Music Row Roundabout-based luxury apartment tower Element Music Row will put its 14 penthouse units (which is 13 more than most buildings) will go to auction:
One, two and three-bedroom penthouse residences are available ranging from 1,166 to 3,374 square feet. Starting bids for one-bedroom penthouses begin at $5,300 a month, two-bedroom penthouses at $5,600 and three-bedroom penthouses at $8,000 per month.
The auction will be online only and, in the great tradition of online auctions, there is a Buy Now (or, at least, Lease Now) option. The auctions close at year's end.
The penthouses top the 19-story tower with 430 total units, set to open in April 2016.
Nashville ranks as the best Southeast city in which to own rental residential property and sixth-best in the country, according to a recently issued quarterly report from All Property Management.
Rounding out the top five Southeastern cities are Raleigh, Louisville, Atlanta and Orlando.
The report — the Q2 2015 iteration of the quarterly “Rental Ranking Report” — gives Nashville its ranking primarily due to a 9.3 percent year-over-year rental price appreciation, which was 87 percent greater than that of the national average and one of highest rental price appreciation rates in the country during that period. Of note, per-foot rent rates at newer urban apartment buildings in Nashville are now at about $3 (thus begging the question: "Is what's good for an investor good for a renter?")
The report (see here) cites Nashville’s high 3.44 percent annual job growth rate, low rental residential vacancy rate (4.8 percent) and median average housing inventory (42 days) as indicators that demand for Nashville rental housing is “quite strong and will likely remain that way for many quarters to come.”
Seattle ranks No. 1 in the West region; Austin, No. 1 in the Southwest region; Columbus, Ohio, No. 1 in the Midwest region; and New York City, No. 1 in the Northeast region.
All Property Management bills itself as the U.S.'s largest online network of property management companies.
We won't say they're big trends yet, but two local economic indicators we track aren't as bullish as we'd like them to be heading toward 2016.
First, the initial September Nashville-area jobs data from the Bureau of Labor Statistics caught our eye for the wrong reasons. Other than the white-hot construction sector popping back to a double-digit yearly growth rate, there isn't a whole lot of good news to glean from the numbers. Job growth in the important manufacturing sector has been more than cut in half since July while leisure/hospitality and retail establishments have cooled their heels, too. Only the education/health sector is holding steady.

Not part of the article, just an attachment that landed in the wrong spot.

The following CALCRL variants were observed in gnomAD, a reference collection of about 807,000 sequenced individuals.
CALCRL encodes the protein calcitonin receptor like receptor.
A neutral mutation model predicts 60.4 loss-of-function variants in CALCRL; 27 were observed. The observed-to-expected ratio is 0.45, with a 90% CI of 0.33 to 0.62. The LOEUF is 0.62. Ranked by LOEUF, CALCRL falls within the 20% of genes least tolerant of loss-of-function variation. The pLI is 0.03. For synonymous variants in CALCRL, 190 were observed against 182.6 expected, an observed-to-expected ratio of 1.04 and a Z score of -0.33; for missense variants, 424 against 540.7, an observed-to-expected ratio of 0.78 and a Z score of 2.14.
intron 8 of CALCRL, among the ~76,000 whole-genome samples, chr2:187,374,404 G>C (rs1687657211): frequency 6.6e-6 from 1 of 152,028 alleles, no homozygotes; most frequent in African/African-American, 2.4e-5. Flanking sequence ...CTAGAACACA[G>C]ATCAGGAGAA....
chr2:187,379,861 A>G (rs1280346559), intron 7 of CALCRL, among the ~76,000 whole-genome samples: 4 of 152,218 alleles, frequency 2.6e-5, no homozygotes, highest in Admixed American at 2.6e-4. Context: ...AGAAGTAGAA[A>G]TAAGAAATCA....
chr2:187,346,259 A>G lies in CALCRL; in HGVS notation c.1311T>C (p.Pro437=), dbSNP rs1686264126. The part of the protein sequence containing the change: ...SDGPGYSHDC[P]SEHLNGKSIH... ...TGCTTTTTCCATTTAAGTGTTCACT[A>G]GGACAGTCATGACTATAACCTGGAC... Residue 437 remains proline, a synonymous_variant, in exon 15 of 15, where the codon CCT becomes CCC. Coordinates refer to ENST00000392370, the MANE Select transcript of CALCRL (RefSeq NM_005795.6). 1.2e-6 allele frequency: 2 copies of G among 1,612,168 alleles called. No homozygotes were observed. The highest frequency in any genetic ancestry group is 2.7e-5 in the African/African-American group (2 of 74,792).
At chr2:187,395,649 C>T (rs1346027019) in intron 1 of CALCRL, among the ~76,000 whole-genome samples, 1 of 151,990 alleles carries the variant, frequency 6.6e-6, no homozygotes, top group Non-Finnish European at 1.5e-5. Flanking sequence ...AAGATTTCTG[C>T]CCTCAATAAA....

Second, take a peek at the latest (August) installment of the Freddie Mac Multi-Indicator Market Index of housing health for Nashville. Yes, it shows the region still up 10 percent from a year earlier but the month-to-month change that had been steadily positive since the spring went flat at a time when the big selling season hadn't yet ended. Something else to monitor — particularly if a housing slowdown hurts local consumer sentiment...
A Michigan investment group is targeting a prime block in SoBro for a large mixed-use project that would take the place of the Market Street Apartments. Adam Sichko at the Nashville Business Journal reports the development would comprise a hotel, condominiums and apartments and have a value that could reach $300 million.
Pohlman and his business partner, Jay Barnes, lead the firm Northern Capital Investments, based in Grand Rapids, Mich. Pohlman said the firm has developed 2.5 million square feet of commercial real estate space during its 18-year history, mostly in the Midwest.
For this project, Pohlman's firm is partnering with Chicago developer Dan McLean, of MCL Cos. The same tandem also is developing an apartment complex in Naples, Fla.
Update: The Nashville Fire Department has ruled the incident an arson and says a second fire set in another unit didn't take hold.
A section of a townhome complex under construction at Douglas and Montgomery avenues will need to be torn down and rebuilt after catching fire early Friday morning. The fire at the Highland Heights project, which will comprise about 30 units when complete, consumed at least two buildings — producing flames that towered 100 feet into the air — and also damaged some nearby utility poles. Check out reports at News2 here and NewsChannel 5 here.
Members of a 50-person stakeholders group tasked with helping steer Nashville's efforts to create an inclusionary zoning ordinance will gather for the first time tonight at 5:30 at the Howard Office Building downtown. The group, which includes Metro Council members as well representatives from the development sector and housing advocates, will help gather community feedback on the goals and ways Metro Planning should consider. Consulting firm Economic & Planning Systems, which runs four offices in the western United States, is conducting a feasibility study for Metro Planning.
SEE ALSO: Inclusive and affordable — but workable? (for subscribers only) from our new Boom magazine
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